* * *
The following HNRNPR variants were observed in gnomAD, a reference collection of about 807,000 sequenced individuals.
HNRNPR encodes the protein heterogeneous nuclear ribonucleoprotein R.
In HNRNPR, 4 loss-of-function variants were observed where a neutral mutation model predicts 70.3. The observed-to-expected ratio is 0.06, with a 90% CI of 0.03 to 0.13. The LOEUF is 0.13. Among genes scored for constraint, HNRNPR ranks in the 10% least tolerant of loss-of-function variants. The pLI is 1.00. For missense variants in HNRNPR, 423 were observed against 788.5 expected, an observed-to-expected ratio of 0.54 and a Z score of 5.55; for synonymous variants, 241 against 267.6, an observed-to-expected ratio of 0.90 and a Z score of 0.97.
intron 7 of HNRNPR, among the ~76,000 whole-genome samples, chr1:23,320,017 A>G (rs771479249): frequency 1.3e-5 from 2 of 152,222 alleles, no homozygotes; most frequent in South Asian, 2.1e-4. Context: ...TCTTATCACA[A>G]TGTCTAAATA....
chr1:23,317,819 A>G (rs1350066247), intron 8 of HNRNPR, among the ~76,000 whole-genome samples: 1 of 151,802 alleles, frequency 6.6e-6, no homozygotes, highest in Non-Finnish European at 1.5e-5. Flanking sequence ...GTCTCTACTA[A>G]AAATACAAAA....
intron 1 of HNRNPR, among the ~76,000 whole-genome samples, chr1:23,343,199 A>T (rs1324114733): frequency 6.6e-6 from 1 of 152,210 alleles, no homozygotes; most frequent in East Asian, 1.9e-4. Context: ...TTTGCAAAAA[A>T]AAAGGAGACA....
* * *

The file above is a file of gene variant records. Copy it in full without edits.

The following HNRNPR variants were observed in gnomAD, a reference collection of about 807,000 sequenced individuals.
HNRNPR encodes the protein heterogeneous nuclear ribonucleoprotein R.
In HNRNPR, 4 loss-of-function variants were observed where a neutral mutation model predicts 70.3. The observed-to-expected ratio is 0.06, with a 90% CI of 0.03 to 0.13. The LOEUF is 0.13. Among genes scored for constraint, HNRNPR ranks in the 10% least tolerant of loss-of-function variants. The pLI is 1.00. For missense variants in HNRNPR, 423 were observed against 788.5 expected, an observed-to-expected ratio of 0.54 and a Z score of 5.55; for synonymous variants, 241 against 267.6, an observed-to-expected ratio of 0.90 and a Z score of 0.97.
intron 7 of HNRNPR, among the ~76,000 whole-genome samples, chr1:23,320,017 A>G (rs771479249): frequency 1.3e-5 from 2 of 152,222 alleles, no homozygotes; most frequent in South Asian, 2.1e-4. Context: ...TCTTATCACA[A>G]TGTCTAAATA....
chr1:23,317,819 A>G (rs1350066247), intron 8 of HNRNPR, among the ~76,000 whole-genome samples: 1 of 151,802 alleles, frequency 6.6e-6, no homozygotes, highest in Non-Finnish European at 1.5e-5. Flanking sequence ...GTCTCTACTA[A>G]AAATACAAAA....
intron 1 of HNRNPR, among the ~76,000 whole-genome samples, chr1:23,343,199 A>T (rs1324114733): frequency 6.6e-6 from 1 of 152,210 alleles, no homozygotes; most frequent in East Asian, 1.9e-4. Context: ...TTTGCAAAAA[A>T]AAAGGAGACA....